Why Should I Bother with Loose Leaf Tea?

At first glance, it seems like the convenience of bagged tea can’t be beat. After all, it’s the same stuff as loose leaf teas, all wrapped up in a mess-free package, isn’t it? Well, not quite. As it turns out, loose leaf teas and teabags aren’t as similar as you might think.

The unsavory history of tea bags

Before tea bags rose to popularity, tea was packaged as loose leaves in containers, and it can still be found today. People would spoon this tea directly into their teapots, pour in the hot water, and then strain the leaves out as the brewed tea was poured into mugs. It’s a system that worked pretty well, and many people still do it this way.

In 1908, an enterprising young gentleman named Thomas Sullivan decided to ship his loose leaf tea in small fabric bags, fully intending for customers to remove the tea from the bag, and brew it in the usual way. His customers however, had a different idea. They soon discovered that the sample sized bags he sold contained just the right amount of tea for a single cup, and steeped it right in the fabric sachets.

This new method of brewing gave Sullivan an idea. He must have thought that the cloth pouch customers had begun using could hide a multitude of sins, because instead of filling them with the usual whole leaf teas, his company began to add tea dust, fannings, and other broken bits that were previously considered rejects, unworthy of inclusion in the final product. It was advertised as a way to get a better steep, but in hindsight it was clearly just a ploy to make money off the dregs produced by lower grades of tea. Surprisingly, it worked incredibly well, and increasingly more lower and middle class families started buying their tea in bags.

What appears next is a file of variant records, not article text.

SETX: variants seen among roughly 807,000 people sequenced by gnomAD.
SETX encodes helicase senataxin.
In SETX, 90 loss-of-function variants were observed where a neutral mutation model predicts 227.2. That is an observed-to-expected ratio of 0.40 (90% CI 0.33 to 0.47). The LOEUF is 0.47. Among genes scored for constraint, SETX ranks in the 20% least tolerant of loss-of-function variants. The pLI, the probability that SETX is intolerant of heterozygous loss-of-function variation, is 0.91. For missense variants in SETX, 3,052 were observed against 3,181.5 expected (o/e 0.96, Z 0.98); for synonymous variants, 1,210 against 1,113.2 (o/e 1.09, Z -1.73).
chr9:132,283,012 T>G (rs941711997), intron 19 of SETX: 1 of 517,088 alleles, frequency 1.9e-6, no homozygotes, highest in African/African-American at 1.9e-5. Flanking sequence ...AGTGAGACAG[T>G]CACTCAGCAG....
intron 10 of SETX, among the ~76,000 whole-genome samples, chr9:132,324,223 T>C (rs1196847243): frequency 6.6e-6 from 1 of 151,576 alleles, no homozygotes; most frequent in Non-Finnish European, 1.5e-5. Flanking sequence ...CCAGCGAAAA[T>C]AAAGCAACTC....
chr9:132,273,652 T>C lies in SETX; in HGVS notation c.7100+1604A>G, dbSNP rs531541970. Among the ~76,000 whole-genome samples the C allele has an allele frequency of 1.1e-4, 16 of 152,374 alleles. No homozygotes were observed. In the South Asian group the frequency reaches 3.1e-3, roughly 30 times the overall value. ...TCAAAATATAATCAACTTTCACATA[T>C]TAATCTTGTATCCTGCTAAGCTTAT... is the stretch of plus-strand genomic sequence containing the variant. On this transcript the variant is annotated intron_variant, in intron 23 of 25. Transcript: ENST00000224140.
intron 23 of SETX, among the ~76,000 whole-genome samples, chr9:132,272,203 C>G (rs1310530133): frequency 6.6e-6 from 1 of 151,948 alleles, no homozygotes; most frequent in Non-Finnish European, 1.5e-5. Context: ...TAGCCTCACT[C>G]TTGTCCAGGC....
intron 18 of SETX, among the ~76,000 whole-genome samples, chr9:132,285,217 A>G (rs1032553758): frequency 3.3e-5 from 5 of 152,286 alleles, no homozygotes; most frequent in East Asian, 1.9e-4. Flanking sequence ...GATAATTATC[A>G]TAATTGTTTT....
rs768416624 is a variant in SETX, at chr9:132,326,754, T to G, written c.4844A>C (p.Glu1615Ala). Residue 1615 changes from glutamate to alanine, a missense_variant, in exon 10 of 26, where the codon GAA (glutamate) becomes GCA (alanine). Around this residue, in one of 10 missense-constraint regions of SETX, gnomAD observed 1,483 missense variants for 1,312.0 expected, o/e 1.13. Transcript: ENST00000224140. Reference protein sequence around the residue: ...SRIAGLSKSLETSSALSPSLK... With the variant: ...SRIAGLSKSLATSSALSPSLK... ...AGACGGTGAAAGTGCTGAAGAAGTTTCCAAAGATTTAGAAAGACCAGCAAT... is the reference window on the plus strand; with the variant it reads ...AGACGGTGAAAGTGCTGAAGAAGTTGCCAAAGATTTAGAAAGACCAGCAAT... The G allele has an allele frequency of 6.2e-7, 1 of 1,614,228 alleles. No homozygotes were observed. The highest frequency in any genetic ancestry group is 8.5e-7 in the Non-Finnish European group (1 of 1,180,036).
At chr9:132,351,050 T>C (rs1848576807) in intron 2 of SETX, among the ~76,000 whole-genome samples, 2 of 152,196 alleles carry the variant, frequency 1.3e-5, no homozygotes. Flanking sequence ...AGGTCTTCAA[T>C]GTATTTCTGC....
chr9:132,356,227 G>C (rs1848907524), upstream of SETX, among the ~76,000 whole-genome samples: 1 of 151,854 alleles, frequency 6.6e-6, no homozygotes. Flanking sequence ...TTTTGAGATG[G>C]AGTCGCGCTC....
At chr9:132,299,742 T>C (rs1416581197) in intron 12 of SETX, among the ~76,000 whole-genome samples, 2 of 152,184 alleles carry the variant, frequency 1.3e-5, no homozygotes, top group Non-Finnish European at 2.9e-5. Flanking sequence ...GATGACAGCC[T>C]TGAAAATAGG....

What’s the difference, really?

Today, we know that tea bags are made with byproducts of the tea manufacturing process that would otherwise not be fit to sell, but what does that really mean to the average consumer? What are the real, noticeable differences between bagged tea and loose leaf tea?

The main advantages of tea bags are their convenience, shorter brewing times, and often, a lower price. But you get what you pay for. In exchange for those momentary perks, customers sacrifice freshness, re-steeping potential, full bodied flavors, and a great deal of variety. Tea bags produce only a one-note flavor in tea that can easily go bitter. The leaf fragments used in tea bags are too small to hold in most of their natural essential oils and aromas, giving them a weaker taste and smell.

Loose leaf teas take a bit longer to infuse because the water needs time to permeate every little piece of the buds and leaves to produce a nuanced, full-bodied flavor with multiple notes and a strong aroma. Because less of the tea’s surface area is exposed to the air, and it usually comes in airtight containers, the tea stays fresh longer, giving you cup after delicious cup of high-quality tea. An added bonus of loose leaf tea is that it can be re-steeped multiple times for several cups of tea, each with its own uniquely developed flavor.

The best of both worlds

Many upscale tea manufacturers are beginning to offer quality loose leaf teas in pyramid-shaped sachets. These sachets use the same grades of full leaf tea as traditional loose leaf, but are packaged in a convenient pouch that you can use anytime, anywhere, without making a mess. Unlike traditional tea bags, these pyramid-shaped sachets allow the tea room to expand in the water and release its full flavor, giving you the full-bodied flavors of loose leaf tea coupled with the ease of teabags.

If your favorite tea doesn’t come in pyramid bags, don’t worry! You can also brew loose leaf teas in fillable filter bags that allow for the same taste and almost as much convenience.

In short, tea bags are fine to use on occasion, or when you’re in a hurry. Only the most haughty of tea snobs would look down their noses at you for “polluting” your teapot with the devil’s gauze, but it is true it can affect the flavor and it does add extra pollution in the manufacturing (and disposal) process.

Be sure to treat yourself to a nice cup of loose leaf every now and then to remind yourself what tea can really taste like. It only takes a few minutes more, and the results are well worth the extra effort.

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